Kramnik claws back

Vladimir Kramnik scores his first win of the world chess championship in the 10th game against Viswanathan Anand.

WHEN I was writing this story a few days back, I was hoping for a decision in Bonn, Germany, where Viswanathan Anand and Kramnik were playing this year’s match.

Not that I was rooting for Anand to win or for Kramnik to lose. But all I wanted was a decisive result so that I don’t have to wait another week when the excitement over the match had waned.

No such luck. The 10th game on Monday was won by Kramnik and he lived to fight at least another round. Despite losing this game, Anand was still leading the Russian by a two-point margin – a 6-4 result which was just half-point short of being declared the winner.

By original standards, a 12-game match is rather short. When the World Chess Federation took over the running of the world chess championship after World War II, the standard 24-game format was adopted in 1951 when Mikhail Botvinnik made the first defence of his title against David Bronstein.

However, this 24-game sequence ended in 1978 when Anatoly Karpov played Viktor Korchnoi. The first person to win six games would be the winner and the match stretched to 32 games. The height of this absurdity was in 1984 when Karpov and Gary Kasparov played 48 games without the former being able to score the last, decisive sixth victory. The match was then declared abandoned.

So you see, a 12-game match is nothing when compared to the excesses of the past. But it doesn’t mean that a shorter match would take less toll on the players. On the contrary, I would believe that the pressure and the mental toll would be just as great.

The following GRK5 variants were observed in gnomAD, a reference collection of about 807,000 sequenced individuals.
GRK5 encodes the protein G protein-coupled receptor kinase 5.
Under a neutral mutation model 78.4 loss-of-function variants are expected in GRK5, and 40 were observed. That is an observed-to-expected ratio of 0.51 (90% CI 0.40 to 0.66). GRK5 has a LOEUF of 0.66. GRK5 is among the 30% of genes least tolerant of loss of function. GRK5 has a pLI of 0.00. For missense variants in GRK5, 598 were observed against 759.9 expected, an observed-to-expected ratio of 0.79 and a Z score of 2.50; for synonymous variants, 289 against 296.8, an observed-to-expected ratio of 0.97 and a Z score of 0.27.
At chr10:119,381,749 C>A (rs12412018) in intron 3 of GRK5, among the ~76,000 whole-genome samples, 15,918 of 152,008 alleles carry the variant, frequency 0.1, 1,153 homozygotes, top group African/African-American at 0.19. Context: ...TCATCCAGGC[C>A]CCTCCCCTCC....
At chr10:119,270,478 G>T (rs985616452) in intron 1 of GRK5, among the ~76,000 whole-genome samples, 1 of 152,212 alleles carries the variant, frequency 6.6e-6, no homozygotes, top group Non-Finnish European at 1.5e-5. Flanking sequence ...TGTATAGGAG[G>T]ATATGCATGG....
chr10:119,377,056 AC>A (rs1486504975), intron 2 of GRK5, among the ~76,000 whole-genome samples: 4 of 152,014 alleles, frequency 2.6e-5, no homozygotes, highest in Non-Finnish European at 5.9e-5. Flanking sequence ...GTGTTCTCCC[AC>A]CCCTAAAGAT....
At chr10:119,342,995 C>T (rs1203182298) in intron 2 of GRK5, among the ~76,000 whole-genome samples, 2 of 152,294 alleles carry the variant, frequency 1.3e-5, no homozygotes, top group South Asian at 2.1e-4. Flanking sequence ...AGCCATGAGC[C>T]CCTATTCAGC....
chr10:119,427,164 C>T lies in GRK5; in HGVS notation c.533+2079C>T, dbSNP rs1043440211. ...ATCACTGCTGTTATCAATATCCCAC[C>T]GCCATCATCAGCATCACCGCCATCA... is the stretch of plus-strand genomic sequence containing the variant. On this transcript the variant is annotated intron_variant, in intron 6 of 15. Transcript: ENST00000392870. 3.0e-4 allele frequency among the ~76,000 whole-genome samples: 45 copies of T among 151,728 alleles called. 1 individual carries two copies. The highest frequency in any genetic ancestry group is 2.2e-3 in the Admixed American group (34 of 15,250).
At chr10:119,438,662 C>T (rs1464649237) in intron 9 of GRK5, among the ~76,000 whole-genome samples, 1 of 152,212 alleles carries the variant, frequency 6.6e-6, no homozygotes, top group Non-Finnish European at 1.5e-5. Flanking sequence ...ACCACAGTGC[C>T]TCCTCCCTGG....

Can you imagine, at the half-way stage of this match, Anand was holding a very commanding lead with three wins and three draws. Kramnik was really reeling in a very desperate position.

If you are Anand, what would you do in such a commanding position? And if you are Kramnik, what would you do in such dire straits? It’s impossible to know for sure the players’ innermost thoughts but I can tell you that they can never be easy. Not even for Anand.

You know why? Despite the commanding three-point lead, he would be faced with some critical decisions to make. Even insecurity. How to continue the second half of the match? Coast to victory with easy draws? Fight for more wins? What would his opponent do with his back to the wall? Would he throw caution to the win and start risking his games? Multitudes of questions and no easy answer.

Even for Kramnik, there would be questions. For him, he would also have to keep his emotions under wraps. A crisis in confidence. A psychological disadvantage. Why was it that he could do nothing right? How to play against someone who is on the verge of winning the match?

Kramnik hunkered down and decided that the best defence was to come out fighting. The next three games were drawn. Maybe this gave his confidence a boost too because it slowed down Anand. Perhaps the emotional and mental strain on the Indian was greater than on the Russian. There was no killer blow. Anand could not land any killer blow and for the first time in the match, in the ninth game, Kramnik actually enjoyed more chances in the game.

Then came the 10th game. Anand misplayed and misjudged, and it was a swift punishment for him. Kramnik had scored his first win of the match. Here it is: